First Responders Make Miracle Water Rescue After Rushing To Save Woman Trapped in Sinking Car

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It was a terrifying start to the new year for 20-year-old Amanda Antonio, who nearly drowned inside her sinking car off a Florida highway.

The Hillsborough County Sheriff’s Office reported that Antonio had been driving home from a New Year’s Eve party in the early morning hours on Jan. 1 in foggy, dark conditions.

A vehicle cut in front of Antonio’s vehicle, causing her to lose control and fly off the highway into a watery, muddy ditch.

In her shock, Antonio managed to find an air pocket in the car and used her phone to dial 911.

Rescuers had just moments to try and track down the terrified woman before she drowned.

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Danny Alvarez, a spokesman with the Hillsborough County Sheriff’s Office, said the foggy conditions made it difficult to locate Antonio.

“You know someone is drowning,” Alvarez told WTXF-TV. “You can hear them and you don’t want that to be the last call.”

“Imagine you hearing that on the radio, it’s foggy and you can’t find her, but you can hear her,” Alvarez said. “That kind of pressure, that kind of stress was intense.”

But Antonio proved adept at saving her own life, as she was able to remain calm and use the map feature on her phone to explain to the dispatcher where she was.

With just moments to spare, deputies Jeremy Pollack and Chris Sullivan, members of HCSO’s dive team, suited up and dove straight into the chilly, murky waters.

“It was thick, muddy, disgusting water,” Pollack said.

Pollack and Sullivan managed to open the passenger side door and found that the waters had risen past Antonio’s lips and had almost reached her nose.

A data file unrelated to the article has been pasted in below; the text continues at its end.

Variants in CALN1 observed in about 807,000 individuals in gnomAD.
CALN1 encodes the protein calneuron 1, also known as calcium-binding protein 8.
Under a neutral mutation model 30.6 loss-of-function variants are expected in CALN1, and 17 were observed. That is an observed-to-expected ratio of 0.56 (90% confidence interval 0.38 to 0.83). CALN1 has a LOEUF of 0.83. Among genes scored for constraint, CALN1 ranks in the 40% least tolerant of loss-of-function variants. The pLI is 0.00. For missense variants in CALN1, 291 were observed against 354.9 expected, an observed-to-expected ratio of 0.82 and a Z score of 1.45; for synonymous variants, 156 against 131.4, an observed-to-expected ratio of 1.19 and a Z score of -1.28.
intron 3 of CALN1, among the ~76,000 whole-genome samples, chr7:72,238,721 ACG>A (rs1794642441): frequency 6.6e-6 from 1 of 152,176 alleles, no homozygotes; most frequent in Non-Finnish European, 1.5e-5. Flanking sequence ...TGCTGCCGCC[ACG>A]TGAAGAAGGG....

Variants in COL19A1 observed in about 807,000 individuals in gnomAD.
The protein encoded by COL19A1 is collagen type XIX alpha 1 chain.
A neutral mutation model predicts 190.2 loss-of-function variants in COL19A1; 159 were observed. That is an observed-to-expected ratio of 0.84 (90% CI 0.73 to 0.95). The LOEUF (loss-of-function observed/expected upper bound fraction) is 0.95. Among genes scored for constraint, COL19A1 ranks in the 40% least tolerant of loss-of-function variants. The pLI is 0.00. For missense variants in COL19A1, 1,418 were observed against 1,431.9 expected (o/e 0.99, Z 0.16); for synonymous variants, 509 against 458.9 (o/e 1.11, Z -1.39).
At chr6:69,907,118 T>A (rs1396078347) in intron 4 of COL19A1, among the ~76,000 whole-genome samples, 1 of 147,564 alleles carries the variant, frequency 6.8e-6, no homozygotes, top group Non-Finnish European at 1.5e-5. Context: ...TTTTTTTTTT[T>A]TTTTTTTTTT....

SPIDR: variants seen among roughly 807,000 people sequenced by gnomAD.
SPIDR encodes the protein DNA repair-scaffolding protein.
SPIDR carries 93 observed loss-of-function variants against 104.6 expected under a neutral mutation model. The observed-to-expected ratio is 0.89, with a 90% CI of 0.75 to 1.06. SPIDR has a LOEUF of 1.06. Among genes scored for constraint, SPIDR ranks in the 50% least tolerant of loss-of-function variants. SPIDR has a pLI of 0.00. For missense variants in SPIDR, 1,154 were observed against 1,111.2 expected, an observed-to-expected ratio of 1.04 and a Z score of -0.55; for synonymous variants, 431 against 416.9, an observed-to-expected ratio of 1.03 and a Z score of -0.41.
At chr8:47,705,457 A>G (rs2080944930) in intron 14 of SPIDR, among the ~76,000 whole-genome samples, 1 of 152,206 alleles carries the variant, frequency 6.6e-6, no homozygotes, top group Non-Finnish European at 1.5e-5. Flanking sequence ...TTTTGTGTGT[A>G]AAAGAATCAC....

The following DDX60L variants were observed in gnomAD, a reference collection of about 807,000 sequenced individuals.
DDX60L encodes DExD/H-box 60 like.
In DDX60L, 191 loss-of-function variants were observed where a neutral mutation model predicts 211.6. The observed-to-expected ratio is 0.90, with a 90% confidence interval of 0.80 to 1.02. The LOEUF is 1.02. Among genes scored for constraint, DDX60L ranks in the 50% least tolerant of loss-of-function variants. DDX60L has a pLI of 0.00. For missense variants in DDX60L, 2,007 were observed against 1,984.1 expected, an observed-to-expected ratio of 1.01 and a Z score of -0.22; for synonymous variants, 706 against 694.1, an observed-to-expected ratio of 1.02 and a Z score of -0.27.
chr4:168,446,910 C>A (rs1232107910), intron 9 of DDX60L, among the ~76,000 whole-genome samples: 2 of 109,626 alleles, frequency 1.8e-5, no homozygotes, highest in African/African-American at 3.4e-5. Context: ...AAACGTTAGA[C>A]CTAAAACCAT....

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“In that scenario, where she was almost encased in mud, there was no way she would have been able to get out of that vehicle on her own,” said Pollack.

But miraculously, Antonio emerged from the vehicle with minor injuries and was treated and released at a local hospital.

Her family said Antonio is still trying to process the fresh trauma and is extremely thankful to everyone who played a role in saving her life.

“They are angels,” Julio Perez, Antonio’s stepfather, said. “Thank you so much. Hopefully, we get to meet them at least, anything we can do for them.

“We are very lucky. Crazy way to start the year, but we are very thankful.”

Alvarez praised Antonio for not panicking, saying her own calmness and quick-thinking during an emergency helped save her life.

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A graduate of Grand Canyon University, Kim Davis has been writing for The Western Journal since 2015, focusing on lifestyle stories.
Kim Davis began writing for The Western Journal in 2015. Her primary topics cover family, faith, and women. She has experience as a copy editor for the online publication Thoughtful Women. Kim worked as an arts administrator for The Phoenix Symphony, writing music education curriculum and leading community engagement programs throughout the region. She holds a degree in music education from Grand Canyon University with a minor in eating tacos.
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